A drink. At home. In your underwear. And there is a word for it.

This past year, Finland’s Tourism Board put together a dictionary (complete with accompanying emojis you can download) of “hard-to-describe Finnish emotions, words, and customs.” Included in the list of 56 phrases is kalsarikännit (pronounced cal-sar-y-cuhn-eet). It describes the “feeling when you are going to get drunk home alone in your underwear — with no intention of going out. 

So yes, there is a word for drinking at home in your underwear, and apparently the English translation of the word is pantsdrunk.

Here’s the announcement:

Helsinki Literary is handling rights for the book Pantsdrunk, which celebrates the Finnish cultural phenomenon known as pantsdrunk. The activity entails drinking alone at home, wearing only underwear, in order to relax and unwind. World English rights have sold to HarperCollins in the U.S. (at auction) and German rights sold (also at auction) to Goldmann. Deals for the book have been made in several other countries. Pantsdrunk will be released early next year in Finland by Schildts & Söderströms. The author, a Finnish journalist, has published a number of works of nonfiction.

So I wonder if kalsarikännit is part of the secret to what makes the Finnish people so happy (Finland is currently ranked the fifth happiest country in the world). Maybe it’s how they get through those long, cold, dark winters.

Here’s a couple other words from the dictionary:

PERKELE: The mother of all Finnish swearwords. Literally means the devil but at the same time it means so much more. You can make the curse longer and more effective by rolling the ‘r’.

SUOMI MAINITTU!: The feeling when someone mentions Finland abroad.
Finns are always excited when someone – anyone – mentions Finland abroad. When you come to Finland, be prepared to tell what you think about Finland and Finns.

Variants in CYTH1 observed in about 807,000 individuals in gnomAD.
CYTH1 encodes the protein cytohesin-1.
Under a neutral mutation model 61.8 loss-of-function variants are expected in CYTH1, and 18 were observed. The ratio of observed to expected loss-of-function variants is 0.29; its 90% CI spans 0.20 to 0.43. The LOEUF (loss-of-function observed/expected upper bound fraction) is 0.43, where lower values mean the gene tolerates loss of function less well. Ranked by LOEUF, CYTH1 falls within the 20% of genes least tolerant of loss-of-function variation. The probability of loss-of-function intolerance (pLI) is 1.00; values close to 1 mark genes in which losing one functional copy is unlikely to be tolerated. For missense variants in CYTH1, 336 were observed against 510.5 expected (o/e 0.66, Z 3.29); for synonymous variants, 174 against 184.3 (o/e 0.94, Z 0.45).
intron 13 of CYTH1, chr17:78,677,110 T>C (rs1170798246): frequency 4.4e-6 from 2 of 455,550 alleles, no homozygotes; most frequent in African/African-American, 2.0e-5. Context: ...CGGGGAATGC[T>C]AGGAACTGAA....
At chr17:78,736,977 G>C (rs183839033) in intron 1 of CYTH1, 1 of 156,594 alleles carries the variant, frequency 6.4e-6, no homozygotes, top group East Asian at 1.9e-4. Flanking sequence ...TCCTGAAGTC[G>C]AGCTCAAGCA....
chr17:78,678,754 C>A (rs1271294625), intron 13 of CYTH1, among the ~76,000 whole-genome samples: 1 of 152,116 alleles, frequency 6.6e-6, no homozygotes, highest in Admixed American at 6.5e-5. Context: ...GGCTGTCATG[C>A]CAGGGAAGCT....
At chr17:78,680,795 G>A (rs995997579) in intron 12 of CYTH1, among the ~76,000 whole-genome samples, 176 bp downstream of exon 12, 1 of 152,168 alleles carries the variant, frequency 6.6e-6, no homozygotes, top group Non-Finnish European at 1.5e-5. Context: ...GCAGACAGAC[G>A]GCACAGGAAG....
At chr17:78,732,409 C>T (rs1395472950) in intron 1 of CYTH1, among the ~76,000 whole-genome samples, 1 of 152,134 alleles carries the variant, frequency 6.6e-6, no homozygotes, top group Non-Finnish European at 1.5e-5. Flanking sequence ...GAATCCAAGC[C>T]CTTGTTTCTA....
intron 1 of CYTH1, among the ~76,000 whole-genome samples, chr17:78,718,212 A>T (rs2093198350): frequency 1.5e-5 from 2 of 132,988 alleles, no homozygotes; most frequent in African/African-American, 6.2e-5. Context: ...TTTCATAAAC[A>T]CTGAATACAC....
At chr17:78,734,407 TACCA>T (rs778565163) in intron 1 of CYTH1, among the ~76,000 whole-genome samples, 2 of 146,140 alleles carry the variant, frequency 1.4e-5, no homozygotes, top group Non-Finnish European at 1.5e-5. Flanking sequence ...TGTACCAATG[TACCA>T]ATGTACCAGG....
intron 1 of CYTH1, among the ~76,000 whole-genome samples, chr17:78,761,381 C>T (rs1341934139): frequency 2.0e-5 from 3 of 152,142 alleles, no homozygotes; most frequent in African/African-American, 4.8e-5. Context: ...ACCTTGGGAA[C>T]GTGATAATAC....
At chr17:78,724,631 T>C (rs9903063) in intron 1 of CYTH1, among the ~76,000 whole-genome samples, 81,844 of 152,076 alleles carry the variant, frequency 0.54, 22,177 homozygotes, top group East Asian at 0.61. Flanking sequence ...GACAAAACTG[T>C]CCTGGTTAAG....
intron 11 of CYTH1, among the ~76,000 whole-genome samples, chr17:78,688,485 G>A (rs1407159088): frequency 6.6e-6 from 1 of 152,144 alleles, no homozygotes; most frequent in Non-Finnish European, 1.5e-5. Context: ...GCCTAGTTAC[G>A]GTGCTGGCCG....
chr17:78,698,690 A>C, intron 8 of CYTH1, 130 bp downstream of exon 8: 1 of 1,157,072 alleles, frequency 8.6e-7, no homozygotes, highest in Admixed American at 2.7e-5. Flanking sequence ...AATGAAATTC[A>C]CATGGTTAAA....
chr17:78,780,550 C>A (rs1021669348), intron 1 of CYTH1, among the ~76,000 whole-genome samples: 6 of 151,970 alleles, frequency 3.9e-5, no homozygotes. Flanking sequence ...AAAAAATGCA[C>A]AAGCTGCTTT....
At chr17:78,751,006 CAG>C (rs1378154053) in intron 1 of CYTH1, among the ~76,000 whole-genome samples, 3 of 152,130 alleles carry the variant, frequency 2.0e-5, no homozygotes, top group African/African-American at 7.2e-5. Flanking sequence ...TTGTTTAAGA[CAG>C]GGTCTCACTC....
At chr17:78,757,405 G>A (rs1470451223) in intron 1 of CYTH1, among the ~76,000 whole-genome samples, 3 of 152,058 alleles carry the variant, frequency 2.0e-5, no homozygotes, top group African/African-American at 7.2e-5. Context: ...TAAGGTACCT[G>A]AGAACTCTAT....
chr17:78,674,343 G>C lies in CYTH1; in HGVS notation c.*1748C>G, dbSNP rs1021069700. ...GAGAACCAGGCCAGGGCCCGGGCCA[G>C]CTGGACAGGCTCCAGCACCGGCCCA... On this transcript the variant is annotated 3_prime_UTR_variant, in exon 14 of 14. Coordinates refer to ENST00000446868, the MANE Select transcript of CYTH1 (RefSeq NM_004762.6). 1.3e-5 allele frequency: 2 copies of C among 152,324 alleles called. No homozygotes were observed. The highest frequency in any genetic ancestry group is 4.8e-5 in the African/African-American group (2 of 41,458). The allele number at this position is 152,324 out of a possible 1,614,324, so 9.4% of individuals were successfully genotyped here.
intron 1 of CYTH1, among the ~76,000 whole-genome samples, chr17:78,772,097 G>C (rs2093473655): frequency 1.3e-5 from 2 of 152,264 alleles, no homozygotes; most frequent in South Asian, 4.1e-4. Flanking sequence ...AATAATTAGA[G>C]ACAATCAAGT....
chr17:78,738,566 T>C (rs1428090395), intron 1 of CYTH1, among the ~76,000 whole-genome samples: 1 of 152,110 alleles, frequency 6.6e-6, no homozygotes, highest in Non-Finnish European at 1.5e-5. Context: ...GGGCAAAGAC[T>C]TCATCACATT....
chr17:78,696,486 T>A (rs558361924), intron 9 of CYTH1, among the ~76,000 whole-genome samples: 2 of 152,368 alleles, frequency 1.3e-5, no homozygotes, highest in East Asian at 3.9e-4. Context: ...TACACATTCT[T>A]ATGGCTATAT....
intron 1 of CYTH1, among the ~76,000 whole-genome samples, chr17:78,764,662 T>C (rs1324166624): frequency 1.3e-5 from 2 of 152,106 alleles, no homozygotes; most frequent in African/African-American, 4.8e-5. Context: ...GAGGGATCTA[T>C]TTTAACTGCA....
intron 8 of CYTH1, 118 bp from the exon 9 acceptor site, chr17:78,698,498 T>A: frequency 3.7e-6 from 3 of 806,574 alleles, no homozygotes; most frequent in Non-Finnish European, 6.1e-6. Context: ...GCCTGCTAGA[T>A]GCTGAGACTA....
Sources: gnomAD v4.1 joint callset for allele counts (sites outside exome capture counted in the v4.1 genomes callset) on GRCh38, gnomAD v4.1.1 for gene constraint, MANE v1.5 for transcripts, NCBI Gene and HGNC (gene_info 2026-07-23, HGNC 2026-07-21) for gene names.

SISU: The feeling of perseverance. In Finland, as the saying goes, we ‘go through even a grey rock.’ Arctic nature has given us guts – or ‘sisu’ as we call it. It’s about not giving in – even when it might be wiser to do so.

MOOMINMAMMA: Unconditional love. Moominmamma is a calm and collected mother who never lets little things get on her nerves. She ensures that the Moominhouse is always a safe and loving place – both for her family and for visitors. No-one is ever unhappy in Moominmamma’s company: she’s always ready to help and console.

PESÄPALLO: The feeling of love and hate. You either love or hate it, the Finnish baseball.

LAVATANSSIT: The feeling of finding someone. Somewhere, maybe in the middle of nowhere, in a village or beside a lake, people find each other and dance tango and other even more mysterious dances. They get dressed up, go out, and dance the summer evenings away, moving counterclockwise around a dance pavilion as the band plays old favourites and new.

I hope those engaged in kalsarikännit will consider trying lavatanssit at some point. They may decide still prefer getting drunk in their underwear, but they might find out they like dancing the tango, counterclockwise of course.

It’s a Small Finger; It’s a Coin Slot; It’s Mount Kilimanjaro; No, It’s a…

Geico has always had some of the best commercials on TV, and the latest one I watched was no exception.